‘I try not to send people into a downward spiral’: Why some parents should prepare for a lower tax refund in 2022

In 2021, the enhanced Child Tax Credit has given millions of families a financial cushion through monthly payments.

In 2022, the same tax credit could reduce the amount of many income tax refunds — or even give rise to unforeseen tax bills — according to tax professionals bracing for restless clients.

“There will be a lot of people I talk to who will be very upset,” said Mike Zeiter, owner of Zeiter Tax Services in Carthage, Mo.

Zeiter flags the link between the child tax credit and a potentially smaller refund in its letter to clients as tax season kicks off Jan. 24. “I always try to work out the exact wording. I try not to send people into a downward spiral already in January.

Since the fall, Paul Fenner, founder of TAMMA Capital in suburban Detroit, has been telling clients that if they received monthly child tax credit payments, their repayments could be lower and some might even owe taxes.

“I planted this seed. Even though I planted this seed, I still anticipate that some families will be upset,” said Fenner, a father of four who put the child tax credit funds he received into an account. savings where he waits to pay for any potential tax bill.

But the legislators increases the child tax credit for 2021, so why are Fenner, Zeiter and other tax pros managing expectations of a tax refund to diminish?

It goes back to how Congress bolstered credit when passing the US $1.9 trillion bailout package in March. Prior to this point, the credit paid a maximum of $2,000 per eligible child. The legislation increased the maximum payment to $3,600 for children under age 6 and $3,000 for children ages 6 to 17.

Half of the increased sum was divided into monthly installments paid from July to December. The other half of the credit comes in the traditional form, being bundled into the tax refund. The problem is that the lump sum waiting in the wings, whether it’s $1,800 for young children or $1,500 for older children, is less than the $2,000 maximum.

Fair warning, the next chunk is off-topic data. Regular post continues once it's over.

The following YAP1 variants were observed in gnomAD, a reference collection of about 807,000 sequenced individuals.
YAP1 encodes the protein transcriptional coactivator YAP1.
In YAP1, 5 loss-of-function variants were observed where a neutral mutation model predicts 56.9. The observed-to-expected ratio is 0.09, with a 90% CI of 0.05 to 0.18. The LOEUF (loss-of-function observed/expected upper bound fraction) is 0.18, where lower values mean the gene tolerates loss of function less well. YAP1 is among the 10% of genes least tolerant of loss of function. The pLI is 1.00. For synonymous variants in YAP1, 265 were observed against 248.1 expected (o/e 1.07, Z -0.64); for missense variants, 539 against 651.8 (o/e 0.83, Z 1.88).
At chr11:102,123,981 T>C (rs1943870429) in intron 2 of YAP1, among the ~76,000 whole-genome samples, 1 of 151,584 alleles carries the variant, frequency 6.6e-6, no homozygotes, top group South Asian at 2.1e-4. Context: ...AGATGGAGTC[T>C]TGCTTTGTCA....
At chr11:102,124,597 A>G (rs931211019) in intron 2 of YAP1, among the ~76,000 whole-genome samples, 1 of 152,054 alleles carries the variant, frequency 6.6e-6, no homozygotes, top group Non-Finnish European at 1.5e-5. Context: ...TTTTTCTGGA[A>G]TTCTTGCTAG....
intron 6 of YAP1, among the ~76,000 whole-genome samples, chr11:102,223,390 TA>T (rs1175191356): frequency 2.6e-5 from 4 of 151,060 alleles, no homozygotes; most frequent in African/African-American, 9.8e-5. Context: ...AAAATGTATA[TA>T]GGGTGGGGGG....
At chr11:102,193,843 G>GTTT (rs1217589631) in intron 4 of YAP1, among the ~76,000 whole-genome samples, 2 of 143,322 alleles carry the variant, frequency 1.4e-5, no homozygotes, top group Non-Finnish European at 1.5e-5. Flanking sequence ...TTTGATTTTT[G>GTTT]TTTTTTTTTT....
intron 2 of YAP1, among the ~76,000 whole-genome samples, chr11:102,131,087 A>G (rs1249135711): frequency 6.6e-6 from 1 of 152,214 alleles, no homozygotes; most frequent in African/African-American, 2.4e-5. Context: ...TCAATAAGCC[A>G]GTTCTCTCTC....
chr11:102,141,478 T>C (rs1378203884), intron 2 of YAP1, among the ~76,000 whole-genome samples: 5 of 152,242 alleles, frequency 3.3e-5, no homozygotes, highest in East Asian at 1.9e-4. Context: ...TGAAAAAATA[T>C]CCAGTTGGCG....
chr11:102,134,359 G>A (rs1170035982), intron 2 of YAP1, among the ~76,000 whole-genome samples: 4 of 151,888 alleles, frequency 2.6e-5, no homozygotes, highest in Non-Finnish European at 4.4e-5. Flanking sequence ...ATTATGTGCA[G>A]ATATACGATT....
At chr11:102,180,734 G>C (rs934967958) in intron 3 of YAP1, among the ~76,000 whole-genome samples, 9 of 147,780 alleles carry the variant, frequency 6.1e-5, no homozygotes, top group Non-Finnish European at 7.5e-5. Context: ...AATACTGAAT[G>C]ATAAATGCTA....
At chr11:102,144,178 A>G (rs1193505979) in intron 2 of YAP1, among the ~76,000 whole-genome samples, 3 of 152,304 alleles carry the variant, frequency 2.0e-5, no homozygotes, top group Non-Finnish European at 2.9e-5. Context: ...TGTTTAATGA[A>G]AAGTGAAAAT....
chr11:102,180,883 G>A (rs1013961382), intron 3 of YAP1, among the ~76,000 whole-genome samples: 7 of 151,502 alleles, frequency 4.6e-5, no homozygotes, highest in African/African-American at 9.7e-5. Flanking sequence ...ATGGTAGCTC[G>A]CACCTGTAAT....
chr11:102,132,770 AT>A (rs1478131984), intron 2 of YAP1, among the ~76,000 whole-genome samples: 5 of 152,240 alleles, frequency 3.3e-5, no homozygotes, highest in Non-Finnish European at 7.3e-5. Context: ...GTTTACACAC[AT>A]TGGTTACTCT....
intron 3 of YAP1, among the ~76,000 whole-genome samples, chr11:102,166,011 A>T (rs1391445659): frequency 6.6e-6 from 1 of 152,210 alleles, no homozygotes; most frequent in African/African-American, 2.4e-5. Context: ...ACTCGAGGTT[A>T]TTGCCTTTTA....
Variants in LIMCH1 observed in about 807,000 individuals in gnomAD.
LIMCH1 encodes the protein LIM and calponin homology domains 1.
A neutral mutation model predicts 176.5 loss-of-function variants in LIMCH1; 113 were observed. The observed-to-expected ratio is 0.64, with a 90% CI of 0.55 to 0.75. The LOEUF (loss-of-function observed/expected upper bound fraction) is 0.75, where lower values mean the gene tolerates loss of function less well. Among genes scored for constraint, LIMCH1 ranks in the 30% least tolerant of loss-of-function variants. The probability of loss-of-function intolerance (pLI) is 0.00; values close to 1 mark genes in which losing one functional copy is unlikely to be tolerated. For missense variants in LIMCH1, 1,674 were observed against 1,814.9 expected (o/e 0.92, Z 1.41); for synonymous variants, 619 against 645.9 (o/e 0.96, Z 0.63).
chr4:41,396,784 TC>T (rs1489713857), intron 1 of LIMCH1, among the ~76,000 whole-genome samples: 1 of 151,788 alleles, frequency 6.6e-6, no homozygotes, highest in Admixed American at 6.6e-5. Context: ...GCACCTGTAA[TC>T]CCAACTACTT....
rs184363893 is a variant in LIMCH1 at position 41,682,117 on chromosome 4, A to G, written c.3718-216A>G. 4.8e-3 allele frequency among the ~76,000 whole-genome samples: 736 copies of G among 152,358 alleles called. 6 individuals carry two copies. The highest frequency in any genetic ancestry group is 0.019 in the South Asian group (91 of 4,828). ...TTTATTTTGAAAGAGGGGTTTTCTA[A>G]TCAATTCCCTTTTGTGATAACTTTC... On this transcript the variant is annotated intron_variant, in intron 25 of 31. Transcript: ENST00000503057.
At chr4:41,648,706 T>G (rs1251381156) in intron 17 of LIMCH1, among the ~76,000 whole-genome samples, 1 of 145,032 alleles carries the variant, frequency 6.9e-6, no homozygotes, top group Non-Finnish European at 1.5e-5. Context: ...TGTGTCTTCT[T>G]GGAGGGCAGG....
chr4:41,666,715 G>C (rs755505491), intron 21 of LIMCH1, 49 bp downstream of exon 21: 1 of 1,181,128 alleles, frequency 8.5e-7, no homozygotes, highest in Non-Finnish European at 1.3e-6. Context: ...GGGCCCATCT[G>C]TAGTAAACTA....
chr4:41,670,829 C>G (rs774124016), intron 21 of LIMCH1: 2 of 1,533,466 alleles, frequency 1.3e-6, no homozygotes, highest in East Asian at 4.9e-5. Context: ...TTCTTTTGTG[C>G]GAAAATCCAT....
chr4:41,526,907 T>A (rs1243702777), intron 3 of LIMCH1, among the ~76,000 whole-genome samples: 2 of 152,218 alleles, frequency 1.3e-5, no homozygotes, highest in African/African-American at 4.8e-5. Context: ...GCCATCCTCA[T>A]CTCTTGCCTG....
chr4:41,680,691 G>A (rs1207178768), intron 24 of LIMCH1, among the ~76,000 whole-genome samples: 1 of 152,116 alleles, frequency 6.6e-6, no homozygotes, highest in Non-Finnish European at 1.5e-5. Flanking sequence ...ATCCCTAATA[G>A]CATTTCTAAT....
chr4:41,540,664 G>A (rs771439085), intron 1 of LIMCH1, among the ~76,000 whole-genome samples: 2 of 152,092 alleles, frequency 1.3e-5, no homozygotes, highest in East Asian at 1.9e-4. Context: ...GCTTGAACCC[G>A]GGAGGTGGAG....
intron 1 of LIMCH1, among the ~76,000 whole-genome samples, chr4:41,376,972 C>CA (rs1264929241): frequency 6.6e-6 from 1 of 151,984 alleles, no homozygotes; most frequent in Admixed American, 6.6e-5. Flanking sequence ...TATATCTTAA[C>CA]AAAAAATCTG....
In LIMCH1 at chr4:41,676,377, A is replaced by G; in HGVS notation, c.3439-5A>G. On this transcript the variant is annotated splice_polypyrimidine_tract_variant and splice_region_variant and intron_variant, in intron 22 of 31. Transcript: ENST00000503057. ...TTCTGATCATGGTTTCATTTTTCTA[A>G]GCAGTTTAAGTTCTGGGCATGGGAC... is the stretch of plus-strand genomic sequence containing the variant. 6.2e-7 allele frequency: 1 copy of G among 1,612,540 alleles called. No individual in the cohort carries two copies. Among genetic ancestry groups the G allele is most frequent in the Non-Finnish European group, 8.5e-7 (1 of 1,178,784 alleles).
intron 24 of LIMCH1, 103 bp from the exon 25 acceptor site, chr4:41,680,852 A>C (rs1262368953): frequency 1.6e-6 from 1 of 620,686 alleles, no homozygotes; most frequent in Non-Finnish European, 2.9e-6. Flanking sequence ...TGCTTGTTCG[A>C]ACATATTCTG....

To be clear, households could ignore the prepayments and opt for the higher lump sum. Still, families of more than 61 million children received $16 billion in payments in December, and the IRS has paid families nearly $93 billion since July, the Treasury Department said.

Even if people understand they are getting less reimbursement because they received more upfront, Fenner said the smaller reimbursement can still come as an emotional blow because many people want a reimbursement they can plan on. “It’s a whole other thing to experience it when it doesn’t show up,” Fenner added.

The average personal income tax refund was $2,815 at the start of December, according to IRS statistics.

The Biden administration wants enhanced credit to continue in 2022 as part of a broader social safety net bill. Skeptics like Sen. Joe Manchin, a centrist Democrat from West Virginia, have their doubts, and the future of the bill and enhanced credit is unclear.

‘All of a sudden then you have to pay it back’

There’s another reason this version of the child tax credit could eat away at refunds: a refund requirement if a household took the advance payments but made too much money in 2021.

A person had to earn up to $75,000 before eligibility for the increased portion of the credit began to disappear. It was $150,000 for a married couple filing jointly and $112,000 for someone filing as head of household.